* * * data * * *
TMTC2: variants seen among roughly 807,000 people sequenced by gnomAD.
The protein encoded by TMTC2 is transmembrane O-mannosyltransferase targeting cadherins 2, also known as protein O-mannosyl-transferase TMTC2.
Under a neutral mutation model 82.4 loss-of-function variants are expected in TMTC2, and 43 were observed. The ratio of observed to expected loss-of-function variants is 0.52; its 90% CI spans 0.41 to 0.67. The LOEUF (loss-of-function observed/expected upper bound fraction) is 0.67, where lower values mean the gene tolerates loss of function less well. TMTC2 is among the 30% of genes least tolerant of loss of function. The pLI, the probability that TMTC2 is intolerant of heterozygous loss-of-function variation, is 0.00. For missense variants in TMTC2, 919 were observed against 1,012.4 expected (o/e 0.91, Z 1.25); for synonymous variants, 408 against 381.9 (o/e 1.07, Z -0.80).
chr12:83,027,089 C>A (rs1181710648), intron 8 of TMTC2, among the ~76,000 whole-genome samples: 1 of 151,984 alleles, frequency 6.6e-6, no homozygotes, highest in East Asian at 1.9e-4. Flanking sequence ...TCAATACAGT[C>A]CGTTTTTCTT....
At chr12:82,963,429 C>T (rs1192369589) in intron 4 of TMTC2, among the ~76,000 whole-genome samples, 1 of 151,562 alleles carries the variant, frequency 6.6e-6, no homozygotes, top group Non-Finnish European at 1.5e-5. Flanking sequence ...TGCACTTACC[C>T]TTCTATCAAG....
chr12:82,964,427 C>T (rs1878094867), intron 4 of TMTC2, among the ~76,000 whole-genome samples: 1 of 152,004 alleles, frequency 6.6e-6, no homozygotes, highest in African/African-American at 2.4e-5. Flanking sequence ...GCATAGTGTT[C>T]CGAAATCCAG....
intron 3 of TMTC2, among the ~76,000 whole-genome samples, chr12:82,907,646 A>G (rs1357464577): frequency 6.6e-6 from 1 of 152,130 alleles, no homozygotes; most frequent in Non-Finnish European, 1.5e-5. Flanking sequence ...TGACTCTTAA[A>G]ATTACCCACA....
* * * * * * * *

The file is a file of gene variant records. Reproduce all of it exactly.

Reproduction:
TMTC2: variants seen among roughly 807,000 people sequenced by gnomAD.
The protein encoded by TMTC2 is transmembrane O-mannosyltransferase targeting cadherins 2, also known as protein O-mannosyl-transferase TMTC2.
Under a neutral mutation model 82.4 loss-of-function variants are expected in TMTC2, and 43 were observed. The ratio of observed to expected loss-of-function variants is 0.52; its 90% CI spans 0.41 to 0.67. The LOEUF (loss-of-function observed/expected upper bound fraction) is 0.67, where lower values mean the gene tolerates loss of function less well. TMTC2 is among the 30% of genes least tolerant of loss of function. The pLI, the probability that TMTC2 is intolerant of heterozygous loss-of-function variation, is 0.00. For missense variants in TMTC2, 919 were observed against 1,012.4 expected (o/e 0.91, Z 1.25); for synonymous variants, 408 against 381.9 (o/e 1.07, Z -0.80).
chr12:83,027,089 C>A (rs1181710648), intron 8 of TMTC2, among the ~76,000 whole-genome samples: 1 of 151,984 alleles, frequency 6.6e-6, no homozygotes, highest in East Asian at 1.9e-4. Flanking sequence ...TCAATACAGT[C>A]CGTTTTTCTT....
At chr12:82,963,429 C>T (rs1192369589) in intron 4 of TMTC2, among the ~76,000 whole-genome samples, 1 of 151,562 alleles carries the variant, frequency 6.6e-6, no homozygotes, top group Non-Finnish European at 1.5e-5. Flanking sequence ...TGCACTTACC[C>T]TTCTATCAAG....
chr12:82,964,427 C>T (rs1878094867), intron 4 of TMTC2, among the ~76,000 whole-genome samples: 1 of 152,004 alleles, frequency 6.6e-6, no homozygotes, highest in African/African-American at 2.4e-5. Flanking sequence ...GCATAGTGTT[C>T]CGAAATCCAG....
intron 3 of TMTC2, among the ~76,000 whole-genome samples, chr12:82,907,646 A>G (rs1357464577): frequency 6.6e-6 from 1 of 152,130 alleles, no homozygotes; most frequent in Non-Finnish European, 1.5e-5. Flanking sequence ...TGACTCTTAA[A>G]ATTACCCACA....